Anger has a way of getting the best of us. Most of the time, it’s better to walk away and take a few minutes to cool off, but you may not always have the time or space to do so. A “discomfort caveat” can inform the other party that you’re not thinking as clearly as you’d like to and help keep the conversation under control.
We’ve all been there, you’re absolutely livid about something, yet you need to express exactly how you feel in the moment. Instead of losing your focus to rage and communicating poorly, Todd Kashdan and Robert Biswas-Diener from UC Berkeley’s Greater Good blog suggest you employ a “discomfort caveat”:
Let other people know explicitly that you are experiencing intense emotions and because of this, it is more difficult than usual for you to communicate clearly. Apologize in advance, not for your emotions or your actions but for the potential lack of clarity in how you convey what you’re about to say. The aim of the discomfort caveat is to disarm the person, to keep them from becoming defensive. When someone hears that you are uncomfortable and that the conversation is difficult for you, it increases the likelihood that they will approach what you have to say with empathy.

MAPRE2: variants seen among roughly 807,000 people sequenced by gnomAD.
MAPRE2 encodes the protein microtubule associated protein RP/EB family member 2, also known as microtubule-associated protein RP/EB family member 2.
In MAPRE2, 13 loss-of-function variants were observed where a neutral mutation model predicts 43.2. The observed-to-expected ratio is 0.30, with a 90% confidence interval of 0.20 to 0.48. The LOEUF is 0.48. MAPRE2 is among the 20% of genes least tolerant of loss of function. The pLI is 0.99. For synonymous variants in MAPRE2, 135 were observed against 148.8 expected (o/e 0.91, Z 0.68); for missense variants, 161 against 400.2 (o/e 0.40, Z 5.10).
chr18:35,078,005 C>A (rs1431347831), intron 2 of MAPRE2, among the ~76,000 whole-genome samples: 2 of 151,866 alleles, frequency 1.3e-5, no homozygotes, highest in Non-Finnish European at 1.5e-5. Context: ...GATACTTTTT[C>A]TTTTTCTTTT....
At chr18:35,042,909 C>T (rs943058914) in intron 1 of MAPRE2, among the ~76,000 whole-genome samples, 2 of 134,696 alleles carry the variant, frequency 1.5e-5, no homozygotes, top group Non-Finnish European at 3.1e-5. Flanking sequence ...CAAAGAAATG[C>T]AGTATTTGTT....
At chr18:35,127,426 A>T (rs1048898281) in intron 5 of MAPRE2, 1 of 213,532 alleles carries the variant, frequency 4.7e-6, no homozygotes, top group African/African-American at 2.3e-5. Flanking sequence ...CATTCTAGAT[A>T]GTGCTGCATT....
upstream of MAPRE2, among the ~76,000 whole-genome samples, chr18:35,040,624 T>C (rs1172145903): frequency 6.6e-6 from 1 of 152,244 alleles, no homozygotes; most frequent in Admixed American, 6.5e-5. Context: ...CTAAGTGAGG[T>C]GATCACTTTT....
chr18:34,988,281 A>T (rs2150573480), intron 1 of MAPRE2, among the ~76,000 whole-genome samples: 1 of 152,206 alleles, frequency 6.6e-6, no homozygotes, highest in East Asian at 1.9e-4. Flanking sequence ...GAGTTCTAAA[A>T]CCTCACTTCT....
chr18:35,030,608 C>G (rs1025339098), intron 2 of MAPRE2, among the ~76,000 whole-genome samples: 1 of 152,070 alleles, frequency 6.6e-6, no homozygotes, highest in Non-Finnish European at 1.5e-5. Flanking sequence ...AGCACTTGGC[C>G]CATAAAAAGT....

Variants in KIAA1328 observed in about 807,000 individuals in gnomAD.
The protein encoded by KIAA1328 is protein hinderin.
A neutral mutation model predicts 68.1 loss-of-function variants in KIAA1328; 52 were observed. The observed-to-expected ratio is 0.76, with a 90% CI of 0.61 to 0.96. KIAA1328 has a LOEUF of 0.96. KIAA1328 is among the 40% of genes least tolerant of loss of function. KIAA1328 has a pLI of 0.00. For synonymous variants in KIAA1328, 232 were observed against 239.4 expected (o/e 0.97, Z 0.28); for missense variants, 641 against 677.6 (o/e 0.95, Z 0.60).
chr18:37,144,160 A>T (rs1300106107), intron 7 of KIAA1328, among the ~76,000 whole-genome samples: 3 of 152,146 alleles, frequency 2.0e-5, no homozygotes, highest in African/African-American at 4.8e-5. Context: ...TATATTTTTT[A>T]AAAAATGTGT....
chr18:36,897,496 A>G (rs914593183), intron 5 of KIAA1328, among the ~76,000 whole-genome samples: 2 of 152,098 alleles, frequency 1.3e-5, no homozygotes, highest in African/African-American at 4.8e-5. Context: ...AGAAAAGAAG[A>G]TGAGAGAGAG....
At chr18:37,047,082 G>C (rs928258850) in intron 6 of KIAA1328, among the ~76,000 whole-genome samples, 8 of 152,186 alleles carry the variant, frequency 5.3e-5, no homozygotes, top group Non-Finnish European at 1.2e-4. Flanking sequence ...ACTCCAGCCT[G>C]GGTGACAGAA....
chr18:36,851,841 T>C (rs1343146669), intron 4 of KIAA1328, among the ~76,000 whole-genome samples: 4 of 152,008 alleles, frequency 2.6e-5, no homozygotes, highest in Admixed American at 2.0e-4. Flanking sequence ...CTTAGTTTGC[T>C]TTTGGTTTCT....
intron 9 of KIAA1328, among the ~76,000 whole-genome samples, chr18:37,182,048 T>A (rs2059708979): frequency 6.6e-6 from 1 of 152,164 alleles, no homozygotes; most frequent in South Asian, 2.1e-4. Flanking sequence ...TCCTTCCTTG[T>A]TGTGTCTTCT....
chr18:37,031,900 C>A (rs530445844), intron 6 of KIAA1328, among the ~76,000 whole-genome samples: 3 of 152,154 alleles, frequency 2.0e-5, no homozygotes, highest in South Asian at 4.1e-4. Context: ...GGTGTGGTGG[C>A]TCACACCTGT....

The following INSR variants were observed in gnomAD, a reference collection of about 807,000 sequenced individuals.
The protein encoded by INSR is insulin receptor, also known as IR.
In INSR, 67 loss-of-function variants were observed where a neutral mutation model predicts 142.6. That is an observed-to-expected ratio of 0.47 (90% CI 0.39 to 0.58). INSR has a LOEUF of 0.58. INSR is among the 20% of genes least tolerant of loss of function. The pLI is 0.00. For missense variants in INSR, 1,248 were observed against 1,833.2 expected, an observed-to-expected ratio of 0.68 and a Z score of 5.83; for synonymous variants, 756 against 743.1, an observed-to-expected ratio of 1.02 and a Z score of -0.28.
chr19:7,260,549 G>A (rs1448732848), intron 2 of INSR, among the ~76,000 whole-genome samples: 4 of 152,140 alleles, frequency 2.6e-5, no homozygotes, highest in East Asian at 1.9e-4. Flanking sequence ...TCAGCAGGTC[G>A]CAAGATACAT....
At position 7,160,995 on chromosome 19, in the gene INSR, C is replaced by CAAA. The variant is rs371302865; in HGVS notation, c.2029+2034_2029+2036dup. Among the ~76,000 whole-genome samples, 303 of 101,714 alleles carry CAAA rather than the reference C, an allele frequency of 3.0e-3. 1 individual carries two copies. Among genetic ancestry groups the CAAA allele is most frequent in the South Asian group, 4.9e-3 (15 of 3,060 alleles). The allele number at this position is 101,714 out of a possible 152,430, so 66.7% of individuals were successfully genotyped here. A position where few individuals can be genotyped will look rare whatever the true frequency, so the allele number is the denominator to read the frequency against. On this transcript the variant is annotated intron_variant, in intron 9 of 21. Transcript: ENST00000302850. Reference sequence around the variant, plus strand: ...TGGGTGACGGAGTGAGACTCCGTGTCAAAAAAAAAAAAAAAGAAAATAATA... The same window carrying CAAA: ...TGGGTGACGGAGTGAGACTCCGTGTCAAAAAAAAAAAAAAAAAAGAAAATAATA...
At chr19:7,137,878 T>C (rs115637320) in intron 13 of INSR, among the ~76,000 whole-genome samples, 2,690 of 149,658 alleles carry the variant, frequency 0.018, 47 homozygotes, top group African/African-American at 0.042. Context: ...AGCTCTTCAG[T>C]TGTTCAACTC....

If you dive into a conversation only spitting poison, you’re going to make the other party defensive and want to return fire. Letting them know from the start that you’re a bit of an angry mess gives them the opportunity to properly manage their expectations. Sometimes good communication means clarifying how capable you are of actually communicating at the time.
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